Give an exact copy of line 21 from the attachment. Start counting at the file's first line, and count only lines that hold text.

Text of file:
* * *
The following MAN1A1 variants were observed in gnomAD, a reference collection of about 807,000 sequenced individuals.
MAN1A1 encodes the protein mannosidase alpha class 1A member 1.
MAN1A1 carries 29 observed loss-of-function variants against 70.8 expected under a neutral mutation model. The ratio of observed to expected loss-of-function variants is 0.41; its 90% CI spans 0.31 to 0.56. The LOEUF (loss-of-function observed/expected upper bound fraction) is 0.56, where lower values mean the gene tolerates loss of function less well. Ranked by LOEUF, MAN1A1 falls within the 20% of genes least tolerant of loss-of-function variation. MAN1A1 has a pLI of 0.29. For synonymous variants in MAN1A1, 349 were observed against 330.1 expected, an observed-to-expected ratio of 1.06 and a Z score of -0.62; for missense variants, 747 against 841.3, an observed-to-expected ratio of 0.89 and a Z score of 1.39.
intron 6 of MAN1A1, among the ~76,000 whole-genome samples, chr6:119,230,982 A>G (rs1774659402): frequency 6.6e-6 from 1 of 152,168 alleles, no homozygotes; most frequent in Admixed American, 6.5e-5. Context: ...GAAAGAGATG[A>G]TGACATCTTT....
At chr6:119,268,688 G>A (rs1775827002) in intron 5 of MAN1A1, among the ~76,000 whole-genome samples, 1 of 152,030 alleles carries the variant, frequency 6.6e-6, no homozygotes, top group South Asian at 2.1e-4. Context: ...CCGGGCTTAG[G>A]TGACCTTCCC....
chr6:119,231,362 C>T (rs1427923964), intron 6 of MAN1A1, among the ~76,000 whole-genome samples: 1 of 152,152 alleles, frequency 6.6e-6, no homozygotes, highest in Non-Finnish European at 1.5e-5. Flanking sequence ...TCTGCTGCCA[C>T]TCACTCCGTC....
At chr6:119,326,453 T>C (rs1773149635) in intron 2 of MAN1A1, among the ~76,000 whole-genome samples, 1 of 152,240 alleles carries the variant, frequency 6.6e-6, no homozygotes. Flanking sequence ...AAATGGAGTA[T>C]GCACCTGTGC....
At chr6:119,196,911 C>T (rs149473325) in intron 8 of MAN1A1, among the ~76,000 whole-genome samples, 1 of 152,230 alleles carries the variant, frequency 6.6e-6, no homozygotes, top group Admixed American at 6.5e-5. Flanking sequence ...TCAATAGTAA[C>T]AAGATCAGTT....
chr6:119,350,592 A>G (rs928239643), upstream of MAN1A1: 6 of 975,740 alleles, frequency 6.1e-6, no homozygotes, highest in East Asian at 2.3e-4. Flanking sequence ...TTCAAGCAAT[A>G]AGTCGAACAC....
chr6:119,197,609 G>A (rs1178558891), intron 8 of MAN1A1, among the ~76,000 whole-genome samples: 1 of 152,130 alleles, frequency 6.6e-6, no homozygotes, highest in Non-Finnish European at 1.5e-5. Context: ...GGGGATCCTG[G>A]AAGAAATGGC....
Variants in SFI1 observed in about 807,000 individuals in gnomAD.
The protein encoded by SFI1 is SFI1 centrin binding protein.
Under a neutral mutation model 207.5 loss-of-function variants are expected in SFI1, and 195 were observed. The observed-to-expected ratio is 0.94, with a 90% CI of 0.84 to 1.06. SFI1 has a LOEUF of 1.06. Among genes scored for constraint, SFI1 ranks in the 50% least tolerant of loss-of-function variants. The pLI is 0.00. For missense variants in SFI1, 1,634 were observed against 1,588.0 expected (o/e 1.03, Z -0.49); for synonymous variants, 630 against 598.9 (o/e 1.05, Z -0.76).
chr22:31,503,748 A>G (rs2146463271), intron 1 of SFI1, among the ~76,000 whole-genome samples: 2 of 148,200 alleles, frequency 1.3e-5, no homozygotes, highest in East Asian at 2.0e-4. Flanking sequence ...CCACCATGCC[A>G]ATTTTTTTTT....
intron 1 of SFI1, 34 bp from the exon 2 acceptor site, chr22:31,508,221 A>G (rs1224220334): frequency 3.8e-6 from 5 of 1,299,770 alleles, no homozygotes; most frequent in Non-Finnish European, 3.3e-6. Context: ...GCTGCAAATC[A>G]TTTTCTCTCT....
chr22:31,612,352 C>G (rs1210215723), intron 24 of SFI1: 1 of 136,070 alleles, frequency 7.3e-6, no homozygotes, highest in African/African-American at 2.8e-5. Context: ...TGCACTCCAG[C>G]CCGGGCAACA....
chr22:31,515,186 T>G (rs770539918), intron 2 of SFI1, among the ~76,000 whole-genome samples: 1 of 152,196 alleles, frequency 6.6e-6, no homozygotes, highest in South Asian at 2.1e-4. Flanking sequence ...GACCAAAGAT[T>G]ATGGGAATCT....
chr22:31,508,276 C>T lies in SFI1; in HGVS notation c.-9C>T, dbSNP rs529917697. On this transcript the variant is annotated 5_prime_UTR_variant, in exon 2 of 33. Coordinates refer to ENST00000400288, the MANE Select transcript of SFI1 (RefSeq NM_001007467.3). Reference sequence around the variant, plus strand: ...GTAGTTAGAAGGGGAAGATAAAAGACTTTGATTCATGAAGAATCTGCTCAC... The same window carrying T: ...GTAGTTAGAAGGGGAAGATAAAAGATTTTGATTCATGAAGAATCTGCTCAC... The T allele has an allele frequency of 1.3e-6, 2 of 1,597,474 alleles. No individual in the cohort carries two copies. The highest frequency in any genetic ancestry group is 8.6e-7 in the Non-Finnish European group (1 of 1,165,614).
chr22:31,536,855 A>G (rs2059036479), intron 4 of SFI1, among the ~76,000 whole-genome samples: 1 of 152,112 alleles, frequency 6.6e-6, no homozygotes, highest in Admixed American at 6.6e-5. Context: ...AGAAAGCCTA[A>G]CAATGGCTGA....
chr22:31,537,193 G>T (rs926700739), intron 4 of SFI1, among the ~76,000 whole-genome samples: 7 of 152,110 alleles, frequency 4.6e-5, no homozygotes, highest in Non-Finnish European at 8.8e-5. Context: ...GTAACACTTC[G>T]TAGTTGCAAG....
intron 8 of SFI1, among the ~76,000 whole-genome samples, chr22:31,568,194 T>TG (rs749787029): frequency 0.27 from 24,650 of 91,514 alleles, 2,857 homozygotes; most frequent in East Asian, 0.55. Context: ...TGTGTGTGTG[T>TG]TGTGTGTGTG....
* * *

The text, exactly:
intron 8 of SFI1, among the ~76,000 whole-genome samples, chr22:31,568,194 T>TG (rs749787029): frequency 0.27 from 24,650 of 91,514 alleles, 2,857 homozygotes; most frequent in East Asian, 0.55. Context: ...TGTGTGTGTG[T>TG]TGTGTGTGTG....